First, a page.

Adam Franklin & Bolts of Melody – Black Horses


af-blackhorses-2013-coverVeteran singer, songwriter and guitarist Adam Franklin is no stranger to composing emotionally compelling and evocative music. Since 2007, Franklin has released four full-length albums, two with a crew of supporting musicians under the moniker Adam Franklin & Bolts of Melody. The group’s newest release, Black Horses, is a true full-length effort that develops a single musical motif throughout while attempting to elicit emotion with a variety of musical instruments, effects, and recurring riffs. Though at times the album feels slightly restricted by its sound, Black Horses represents an artistic and original approach to an alternative rock record that grows and reveals depth through multiple listens.

Black Horses opens with “Asha,” a bright and upbeat rock-and-roll track tinged with Eastern flavor that immediately draws the listener in. Though Franklin’s voice is clearly not the centerpiece of the song, melodious lyrics like, “I’d walk a million miles just to see you smile” evoke feelings of hope and happiness. As the album progresses, the tone quickly changes and melodies start to recur using different instruments. Violins and futuristic keyboard riffs hijack the listener’s emotions and take them wherever Franklin wants them to go. Early in the album, “I Used to Live for Music” uses a dark, unsettling riff and a slowing pace to induce feelings of uncertainty and dejection. The riff featured in this track reappears on songs throughout the remainder of the album, each time eliciting a slightly different reaction by the listener. Along this rollercoaster ride of emotions, each song transitions perfectly into the next, and by the end of the album a sense of fulfillment and completion is all that remains, almost like watching a movie from beginning to end.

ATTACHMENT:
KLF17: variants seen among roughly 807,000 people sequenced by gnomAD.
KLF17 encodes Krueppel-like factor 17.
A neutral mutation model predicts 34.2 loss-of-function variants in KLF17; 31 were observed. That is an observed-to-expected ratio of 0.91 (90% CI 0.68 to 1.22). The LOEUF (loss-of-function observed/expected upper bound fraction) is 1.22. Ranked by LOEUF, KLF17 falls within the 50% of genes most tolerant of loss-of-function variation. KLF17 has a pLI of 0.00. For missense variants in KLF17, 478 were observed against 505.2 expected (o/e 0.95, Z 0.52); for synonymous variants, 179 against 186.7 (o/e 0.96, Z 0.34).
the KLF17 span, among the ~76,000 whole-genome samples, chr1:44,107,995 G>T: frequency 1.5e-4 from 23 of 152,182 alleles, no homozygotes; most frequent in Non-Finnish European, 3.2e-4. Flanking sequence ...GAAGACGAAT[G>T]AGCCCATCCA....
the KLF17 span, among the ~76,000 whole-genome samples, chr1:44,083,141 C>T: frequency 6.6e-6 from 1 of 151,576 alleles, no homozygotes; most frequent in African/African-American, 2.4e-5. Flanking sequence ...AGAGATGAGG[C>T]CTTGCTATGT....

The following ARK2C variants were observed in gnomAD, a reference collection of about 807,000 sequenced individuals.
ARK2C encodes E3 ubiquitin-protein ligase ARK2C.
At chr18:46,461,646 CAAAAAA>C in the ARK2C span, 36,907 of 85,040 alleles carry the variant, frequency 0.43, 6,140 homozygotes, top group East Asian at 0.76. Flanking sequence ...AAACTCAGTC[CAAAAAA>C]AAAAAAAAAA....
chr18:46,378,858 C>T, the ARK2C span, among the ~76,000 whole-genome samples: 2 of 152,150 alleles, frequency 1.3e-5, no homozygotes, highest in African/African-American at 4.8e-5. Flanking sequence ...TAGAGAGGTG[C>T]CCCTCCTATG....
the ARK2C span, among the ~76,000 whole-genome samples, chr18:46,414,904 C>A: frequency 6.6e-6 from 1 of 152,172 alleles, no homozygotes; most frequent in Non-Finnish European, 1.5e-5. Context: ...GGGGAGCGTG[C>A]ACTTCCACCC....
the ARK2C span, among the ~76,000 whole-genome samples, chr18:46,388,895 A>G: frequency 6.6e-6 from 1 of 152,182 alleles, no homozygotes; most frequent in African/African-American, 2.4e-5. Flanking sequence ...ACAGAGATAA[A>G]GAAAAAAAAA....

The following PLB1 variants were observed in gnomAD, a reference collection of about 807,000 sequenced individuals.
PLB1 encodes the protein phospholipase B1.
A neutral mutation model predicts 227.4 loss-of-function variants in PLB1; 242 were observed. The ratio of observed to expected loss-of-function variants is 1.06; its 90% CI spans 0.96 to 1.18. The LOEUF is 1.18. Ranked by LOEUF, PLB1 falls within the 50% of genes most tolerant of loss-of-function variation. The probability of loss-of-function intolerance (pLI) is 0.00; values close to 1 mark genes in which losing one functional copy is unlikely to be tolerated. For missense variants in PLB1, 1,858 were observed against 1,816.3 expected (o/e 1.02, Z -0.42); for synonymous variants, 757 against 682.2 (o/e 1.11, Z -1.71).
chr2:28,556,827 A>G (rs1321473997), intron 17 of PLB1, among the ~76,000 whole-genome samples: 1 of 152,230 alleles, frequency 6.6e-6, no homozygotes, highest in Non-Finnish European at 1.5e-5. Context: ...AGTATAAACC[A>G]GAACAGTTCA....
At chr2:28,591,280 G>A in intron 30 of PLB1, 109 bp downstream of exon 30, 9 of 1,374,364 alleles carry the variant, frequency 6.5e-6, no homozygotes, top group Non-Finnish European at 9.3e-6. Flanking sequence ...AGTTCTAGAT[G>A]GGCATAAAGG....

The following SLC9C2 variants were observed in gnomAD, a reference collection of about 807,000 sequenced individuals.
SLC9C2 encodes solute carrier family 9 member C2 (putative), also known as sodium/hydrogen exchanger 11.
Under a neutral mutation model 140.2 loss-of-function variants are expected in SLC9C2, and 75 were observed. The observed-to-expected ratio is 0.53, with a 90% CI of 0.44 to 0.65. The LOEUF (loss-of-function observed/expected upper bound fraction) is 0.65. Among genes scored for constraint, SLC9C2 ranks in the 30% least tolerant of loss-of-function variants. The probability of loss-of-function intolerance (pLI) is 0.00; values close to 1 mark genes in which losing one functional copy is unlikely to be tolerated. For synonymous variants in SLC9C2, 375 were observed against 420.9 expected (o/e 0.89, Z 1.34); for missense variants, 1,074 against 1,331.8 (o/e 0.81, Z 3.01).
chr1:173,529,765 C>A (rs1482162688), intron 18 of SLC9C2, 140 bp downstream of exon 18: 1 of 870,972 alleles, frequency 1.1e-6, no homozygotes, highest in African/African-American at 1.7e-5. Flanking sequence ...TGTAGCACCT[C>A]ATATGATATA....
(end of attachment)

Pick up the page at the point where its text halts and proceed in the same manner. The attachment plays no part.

Though Franklin and his band mates masterfully weave a single thread through Black Horses to tie the album together, this musical motif also could be considered the album’s greatest weakness. At times, the album seems almost hindered by the repetition, and several of the later tracks risk losing the listener’s interest. In particular, “Coda Code” and “I Used to Live for a Thousand Years” recycle the lyrics and most memorable riff from “I Used to Live for Music.” While these songs serve as great examples of Franklin’s ability to tie Black Horses together and evoke numerous emotions using a single altered melody, they could also be seen by some as limiting, unoriginal and even boring.

Regardless of their significance to the theme and purpose of Black Horses, most of these songs are bolstered before and after by musically rich tracks that shine throughout multiple listens. Aside from “Bootcat Leah” and “Asha,” the album’s first and second singles, respectively, “Passenger Train, Warped by the Rain” stands as one of Black Horses’ strongest tracks. The song perfectly reflects the full-bodied sound of the album as well as its slightly retro feel with superb instrumental layering, gripping guitar riffs, and continuously crashing drums. All the while, Franklin’s smooth voice blends flawlessly into the instrumental track to further enrich the song. “When I Love You (I Love You All the While)” ages gracefully throughout several spins, adopting a serious tone behind a folksy rock guitar melody and catchy organ fills. Finally, “Long Way Home” closes Black Horses with a completely different sound that leaves the listener with a renewed sense of optimism through a single, beautiful melody repeated from start to finish.

With Black Horses, Adam Franklin & Bolts of Melody succeed at creating an album of depth that can be enjoyed repeatedly from start to finish. Though several songs prove difficult to digest at first, they are buoyed by the album’s many strong tracks and a captivating theme that is fully developed and tied together over the course of 37-minutes. The evolution of this seasoned musician and his supporting group will undoubtedly continue to intrigue as they bring Black Horses on the road in the near future.

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